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MicroRNA expression patterns in post-natal mouse skeletal muscle development

S. Lamon,1 E. Zacharewicz,1 L. Orellana,2 L.C. Butchart,3 M.D. Grounds3 and A.P. Russell,1 1Deakin University, School of Exercise and Nutrition Sciences, Centre for Physical Activity and Nutrition, Burwood, VIC 3125, Australia, 2Deakin University, Biostatistics Unit, Faculty of Health, Burwood, VIC 3125, Australia and 3The University of Western Australia, School of Anatomy, Physiology and Human Biology, Crawley, Perth, WA 6009, Australia.

Introduction: MicroRNA (miRNAs) are small non-coding RNA molecules that act as transcriptional regulators, primarily by repressing the expression of their specific gene targets. In mature organisms, miRNAs play a major role in the maintenance of skeletal muscle homeostasis and facilitate the adaptation of muscle structure, function and metabolism in response to internal and external stress signals. In this study, we investigated the expression patterns and putative roles of miRNAs during the early post-natal development stages of the mouse quadriceps muscle.

Methods: Twenty C57BL/6 mice were sacrificed at the age of 2 days (n=4), 2 weeks (n=5), 4 weeks (n=5) and 12 weeks (n=6) and RNA was extracted from the muscle. MiRNA expression was assessed using the TaqMan Array Rodent MicroRNA A+B Cards Set v3.0. The Expression Suite software was used to extract and normalize the data using the global normalization function. Linear trend in cycle threshold values (Ct) were assessed using a robust regression model; Kruskal-Wallis’ test was used to compare time Ct values for miRNAs with no significant trend. Predicted Ct values from a robust quadratic model were used to classify miRNAs into clusters of Ct profiles using the Wald’s distance. For each cluster, top cellular functions and miRNA-mRNA target interactions were determined using the online software package Ingenuity System Interactive Pathway Systems.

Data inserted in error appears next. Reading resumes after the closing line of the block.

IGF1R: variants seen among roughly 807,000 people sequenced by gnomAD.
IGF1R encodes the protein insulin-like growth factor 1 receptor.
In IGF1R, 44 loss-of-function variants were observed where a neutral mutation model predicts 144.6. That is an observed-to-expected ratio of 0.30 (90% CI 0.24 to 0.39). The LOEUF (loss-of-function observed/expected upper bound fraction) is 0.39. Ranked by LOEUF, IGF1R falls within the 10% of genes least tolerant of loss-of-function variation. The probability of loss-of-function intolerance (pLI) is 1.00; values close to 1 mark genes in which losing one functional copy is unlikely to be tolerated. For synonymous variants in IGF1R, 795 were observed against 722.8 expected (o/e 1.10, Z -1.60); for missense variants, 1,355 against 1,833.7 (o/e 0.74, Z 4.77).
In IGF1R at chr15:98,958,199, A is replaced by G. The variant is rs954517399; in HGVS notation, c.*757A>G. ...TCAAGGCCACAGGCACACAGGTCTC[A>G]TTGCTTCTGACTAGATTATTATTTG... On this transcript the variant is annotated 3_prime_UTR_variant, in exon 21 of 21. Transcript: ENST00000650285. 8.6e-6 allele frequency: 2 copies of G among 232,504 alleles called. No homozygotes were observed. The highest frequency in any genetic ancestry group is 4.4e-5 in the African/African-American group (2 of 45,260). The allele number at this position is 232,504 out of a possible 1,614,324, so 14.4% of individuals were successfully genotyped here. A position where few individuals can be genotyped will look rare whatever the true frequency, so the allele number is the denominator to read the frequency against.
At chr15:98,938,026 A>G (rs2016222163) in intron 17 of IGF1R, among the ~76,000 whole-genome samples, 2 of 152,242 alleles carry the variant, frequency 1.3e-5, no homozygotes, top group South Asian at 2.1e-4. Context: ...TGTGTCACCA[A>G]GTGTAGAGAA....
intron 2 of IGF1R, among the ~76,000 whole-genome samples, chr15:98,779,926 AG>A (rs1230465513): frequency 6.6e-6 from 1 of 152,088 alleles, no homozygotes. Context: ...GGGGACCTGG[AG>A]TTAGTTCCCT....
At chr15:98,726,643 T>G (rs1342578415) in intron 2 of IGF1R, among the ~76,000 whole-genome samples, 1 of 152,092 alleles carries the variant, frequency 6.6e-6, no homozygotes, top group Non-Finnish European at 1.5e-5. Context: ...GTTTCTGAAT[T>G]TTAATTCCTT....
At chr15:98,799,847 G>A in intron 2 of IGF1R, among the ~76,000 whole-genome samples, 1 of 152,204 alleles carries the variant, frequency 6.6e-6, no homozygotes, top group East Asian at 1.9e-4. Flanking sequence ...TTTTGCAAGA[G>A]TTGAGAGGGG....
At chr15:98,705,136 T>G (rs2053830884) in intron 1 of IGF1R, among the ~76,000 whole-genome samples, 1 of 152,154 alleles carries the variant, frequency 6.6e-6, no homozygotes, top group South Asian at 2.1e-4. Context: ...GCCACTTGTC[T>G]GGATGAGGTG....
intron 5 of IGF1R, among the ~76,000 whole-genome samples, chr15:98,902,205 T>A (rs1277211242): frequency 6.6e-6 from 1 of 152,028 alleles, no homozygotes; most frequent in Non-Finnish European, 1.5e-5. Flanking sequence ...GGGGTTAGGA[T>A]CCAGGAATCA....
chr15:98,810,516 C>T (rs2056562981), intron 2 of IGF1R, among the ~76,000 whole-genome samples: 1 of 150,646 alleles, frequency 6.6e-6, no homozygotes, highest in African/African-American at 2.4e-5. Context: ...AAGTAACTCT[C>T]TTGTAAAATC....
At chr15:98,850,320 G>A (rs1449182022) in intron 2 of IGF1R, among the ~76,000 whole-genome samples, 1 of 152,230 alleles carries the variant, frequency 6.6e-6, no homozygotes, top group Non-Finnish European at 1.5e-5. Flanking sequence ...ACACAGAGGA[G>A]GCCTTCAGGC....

Results: Out of the 768 miRNA measured, 354 (46%) were significantly expressed in muscle in at least one of the time points (Ct<32). Thirty of these miRNAs (8%) were expressed at one time point only. Collective miRNA expression levels significantly decreased (43%) or increased (16%) with time (P<0.05). Out of 10 miRNAs clusters, 8 were selected for further analysis based on the significance levels of the linear and the Kruskal-Wallis’ tests. The most highly ranked cellular functions likely to be regulated by each miRNA cluster included cellular development, cellular growth and proliferation, cell death and survival, DNA replication and protein synthesis.

Conclusion: This study provides an overview of the role and regulation of miRNAs in neo-natal and post-natal mouse skeletal muscle samples. Our results collectively suggest that miRNAs play an essential regulatory role during the very-early muscle development stages, and that their expression levels tend to decrease as the muscle grows and matures.